Two authors and some e-books, in English and Italian: in the first case we talk about humor, in the second about costume (with thoughts about present times).
Stephen P. H. Butler Leacock (30th December, 1869 – 28th March, 1944) was a Canadian teacher, political scientist, writer and humorist; he was the most famous scientist of the English-speaking world during the first half of the twentieth century. It is known for its light and critical humor to the human follies, and in his honor was established the award Stephen Leacock Memorial Medal for Humour. The satirical masterpiece Nonsense Novels uses the most ridiculous conventions of various literary genres: ghost, detective, adventure, shipwreck stories, and of course the history itself. The high density of plates produces an exceptional effect of nonsense that turns into ridicule at every new twist of the plot. His most famous book is the bestselling Sunshine Sketches of a Little Town that became popular for its universal validity. The country in question is called Mariposa: the events of the city are often given an exaggerated importance than the rest of the world and many of the characters are typical archetypes of small towns, with gaps and weaknesses, but presented in a fun but loving way.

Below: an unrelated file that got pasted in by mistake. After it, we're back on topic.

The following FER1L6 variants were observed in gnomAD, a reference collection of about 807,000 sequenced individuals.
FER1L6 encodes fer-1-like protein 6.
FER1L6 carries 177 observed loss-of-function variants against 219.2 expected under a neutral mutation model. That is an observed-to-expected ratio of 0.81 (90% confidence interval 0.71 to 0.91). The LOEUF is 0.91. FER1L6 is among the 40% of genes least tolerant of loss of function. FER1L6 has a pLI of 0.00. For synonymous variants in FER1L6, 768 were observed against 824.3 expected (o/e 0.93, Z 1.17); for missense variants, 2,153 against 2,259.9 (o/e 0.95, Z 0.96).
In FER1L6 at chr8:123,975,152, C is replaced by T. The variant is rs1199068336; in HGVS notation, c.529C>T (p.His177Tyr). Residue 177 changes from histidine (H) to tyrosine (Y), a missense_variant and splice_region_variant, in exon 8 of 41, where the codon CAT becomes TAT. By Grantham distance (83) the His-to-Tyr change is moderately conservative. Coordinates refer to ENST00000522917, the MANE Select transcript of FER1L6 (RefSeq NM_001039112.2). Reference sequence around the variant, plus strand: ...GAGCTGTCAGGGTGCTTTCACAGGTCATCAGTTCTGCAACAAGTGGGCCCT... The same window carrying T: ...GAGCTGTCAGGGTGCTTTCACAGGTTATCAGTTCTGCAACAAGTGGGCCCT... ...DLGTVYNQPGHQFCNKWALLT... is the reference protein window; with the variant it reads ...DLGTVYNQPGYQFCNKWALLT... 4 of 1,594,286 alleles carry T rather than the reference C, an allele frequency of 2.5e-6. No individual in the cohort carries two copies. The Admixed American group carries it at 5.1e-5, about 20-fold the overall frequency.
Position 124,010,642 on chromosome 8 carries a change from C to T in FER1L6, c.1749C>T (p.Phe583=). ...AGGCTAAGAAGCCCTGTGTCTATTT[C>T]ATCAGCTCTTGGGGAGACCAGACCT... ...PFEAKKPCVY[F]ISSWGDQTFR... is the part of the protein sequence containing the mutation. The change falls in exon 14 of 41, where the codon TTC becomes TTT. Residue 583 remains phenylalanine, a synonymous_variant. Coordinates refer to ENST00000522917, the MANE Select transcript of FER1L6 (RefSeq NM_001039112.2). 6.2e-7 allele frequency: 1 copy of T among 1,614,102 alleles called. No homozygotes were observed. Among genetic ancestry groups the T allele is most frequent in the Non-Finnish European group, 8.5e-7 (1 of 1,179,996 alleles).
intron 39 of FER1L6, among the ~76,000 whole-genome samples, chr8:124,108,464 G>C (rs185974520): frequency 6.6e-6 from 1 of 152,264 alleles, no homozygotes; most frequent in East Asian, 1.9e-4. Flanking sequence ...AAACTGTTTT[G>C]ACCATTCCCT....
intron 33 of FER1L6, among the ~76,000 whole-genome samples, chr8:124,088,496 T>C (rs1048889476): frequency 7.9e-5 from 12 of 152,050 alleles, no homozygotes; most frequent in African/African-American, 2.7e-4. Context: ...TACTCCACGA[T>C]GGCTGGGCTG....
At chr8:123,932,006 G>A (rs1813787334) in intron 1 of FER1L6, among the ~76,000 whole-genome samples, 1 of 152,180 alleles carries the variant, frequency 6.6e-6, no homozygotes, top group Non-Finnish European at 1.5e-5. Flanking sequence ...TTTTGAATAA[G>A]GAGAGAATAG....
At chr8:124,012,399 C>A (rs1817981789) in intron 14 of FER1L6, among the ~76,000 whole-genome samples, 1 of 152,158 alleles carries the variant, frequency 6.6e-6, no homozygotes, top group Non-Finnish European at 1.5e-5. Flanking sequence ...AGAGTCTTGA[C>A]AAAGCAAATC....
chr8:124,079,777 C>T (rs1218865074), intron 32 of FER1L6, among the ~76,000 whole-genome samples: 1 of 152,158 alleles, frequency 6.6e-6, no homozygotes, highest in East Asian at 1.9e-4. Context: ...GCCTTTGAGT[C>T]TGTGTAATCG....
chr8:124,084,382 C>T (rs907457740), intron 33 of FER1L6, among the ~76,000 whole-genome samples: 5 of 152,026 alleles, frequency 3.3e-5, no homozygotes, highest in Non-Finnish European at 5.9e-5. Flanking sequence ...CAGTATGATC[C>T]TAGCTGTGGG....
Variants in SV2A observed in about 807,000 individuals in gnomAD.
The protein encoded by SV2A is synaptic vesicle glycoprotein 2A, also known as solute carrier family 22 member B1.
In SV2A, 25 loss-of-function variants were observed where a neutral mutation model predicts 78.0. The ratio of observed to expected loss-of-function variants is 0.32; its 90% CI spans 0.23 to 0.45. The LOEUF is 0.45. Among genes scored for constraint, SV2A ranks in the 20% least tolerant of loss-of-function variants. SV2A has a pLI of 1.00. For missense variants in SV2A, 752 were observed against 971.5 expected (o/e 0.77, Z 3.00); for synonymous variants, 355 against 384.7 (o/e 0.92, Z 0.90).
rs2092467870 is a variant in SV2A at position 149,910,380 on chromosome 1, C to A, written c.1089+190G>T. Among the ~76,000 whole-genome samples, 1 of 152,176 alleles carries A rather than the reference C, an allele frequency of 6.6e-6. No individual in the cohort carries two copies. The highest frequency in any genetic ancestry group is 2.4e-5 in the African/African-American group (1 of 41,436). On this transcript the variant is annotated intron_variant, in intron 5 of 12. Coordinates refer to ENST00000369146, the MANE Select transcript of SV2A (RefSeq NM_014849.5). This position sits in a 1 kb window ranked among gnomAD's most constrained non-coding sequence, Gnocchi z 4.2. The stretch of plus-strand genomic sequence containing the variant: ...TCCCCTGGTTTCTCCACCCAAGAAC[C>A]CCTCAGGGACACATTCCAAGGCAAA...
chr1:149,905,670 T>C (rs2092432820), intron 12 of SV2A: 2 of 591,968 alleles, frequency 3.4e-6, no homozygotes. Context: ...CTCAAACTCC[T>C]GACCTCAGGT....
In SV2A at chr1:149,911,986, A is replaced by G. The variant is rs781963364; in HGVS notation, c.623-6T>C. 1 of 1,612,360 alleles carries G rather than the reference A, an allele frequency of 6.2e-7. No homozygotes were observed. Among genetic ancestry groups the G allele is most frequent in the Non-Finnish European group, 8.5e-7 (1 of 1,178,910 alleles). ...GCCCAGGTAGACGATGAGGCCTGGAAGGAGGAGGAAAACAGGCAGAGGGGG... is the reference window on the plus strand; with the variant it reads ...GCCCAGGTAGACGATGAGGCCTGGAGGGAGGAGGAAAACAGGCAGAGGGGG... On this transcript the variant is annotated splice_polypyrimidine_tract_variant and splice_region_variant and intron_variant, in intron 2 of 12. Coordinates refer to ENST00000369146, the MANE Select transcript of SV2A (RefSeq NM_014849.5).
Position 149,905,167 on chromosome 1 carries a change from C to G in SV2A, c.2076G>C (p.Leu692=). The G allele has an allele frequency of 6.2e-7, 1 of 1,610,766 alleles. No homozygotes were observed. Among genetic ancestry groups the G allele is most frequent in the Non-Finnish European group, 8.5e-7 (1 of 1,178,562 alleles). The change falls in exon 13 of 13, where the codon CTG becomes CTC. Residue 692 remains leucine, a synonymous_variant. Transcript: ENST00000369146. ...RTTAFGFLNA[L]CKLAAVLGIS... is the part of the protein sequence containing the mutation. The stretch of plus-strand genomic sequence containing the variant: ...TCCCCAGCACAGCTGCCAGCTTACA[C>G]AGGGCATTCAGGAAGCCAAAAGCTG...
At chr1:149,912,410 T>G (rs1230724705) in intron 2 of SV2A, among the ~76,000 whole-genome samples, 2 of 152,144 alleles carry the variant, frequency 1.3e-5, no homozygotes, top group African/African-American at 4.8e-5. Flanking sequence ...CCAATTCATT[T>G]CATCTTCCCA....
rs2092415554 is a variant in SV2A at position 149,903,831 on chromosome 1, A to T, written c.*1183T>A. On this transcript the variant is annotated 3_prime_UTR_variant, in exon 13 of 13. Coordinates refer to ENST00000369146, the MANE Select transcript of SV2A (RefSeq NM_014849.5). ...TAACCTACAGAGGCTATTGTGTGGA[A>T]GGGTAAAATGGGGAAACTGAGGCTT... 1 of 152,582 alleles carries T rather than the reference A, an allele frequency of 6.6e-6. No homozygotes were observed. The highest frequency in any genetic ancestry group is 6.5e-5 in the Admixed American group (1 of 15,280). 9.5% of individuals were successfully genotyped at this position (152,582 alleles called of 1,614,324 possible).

The choice of the Italian e-book lies with Paolo Mantegazza (31st October, 1831 – 28th August, 1910): physiologist, anthropologist, writer and patriot, he was one of the first popularizers of Darwin’s theories in Italy. L’arte di prender moglie. L’arte di prender marito (The art of taking a wife. The art of taking a husband) is available as a free e-book only the second one (but there are commercially printed editions containing both texts). Here Mantegazza assumes that marriage is the “least worst” among the possible relationships between a man and a woman. To avoid getting into a marital hell, the author wrote two pleasing essays to assist the reader in choosing a partner, and in the study addressed to women he tells a little story of sentimental education where he describes the characters and masculine professions in relation to life as a couple, to set then a code of matrimonial diplomacy in the form of aphorisms recommending indulgence, sincerity and modesty. L’arte di prender moglie (The art of taking a wife) is part of European success achieved by “marital arts” already at the end of the nineteenth century, interesting topic for the vivid and often ironic testimonials that he gives us not only about sexual and sentimental prejudices of the era but also on the progressive thinking that supported the importance of issues such as sex education, divorce, birth control.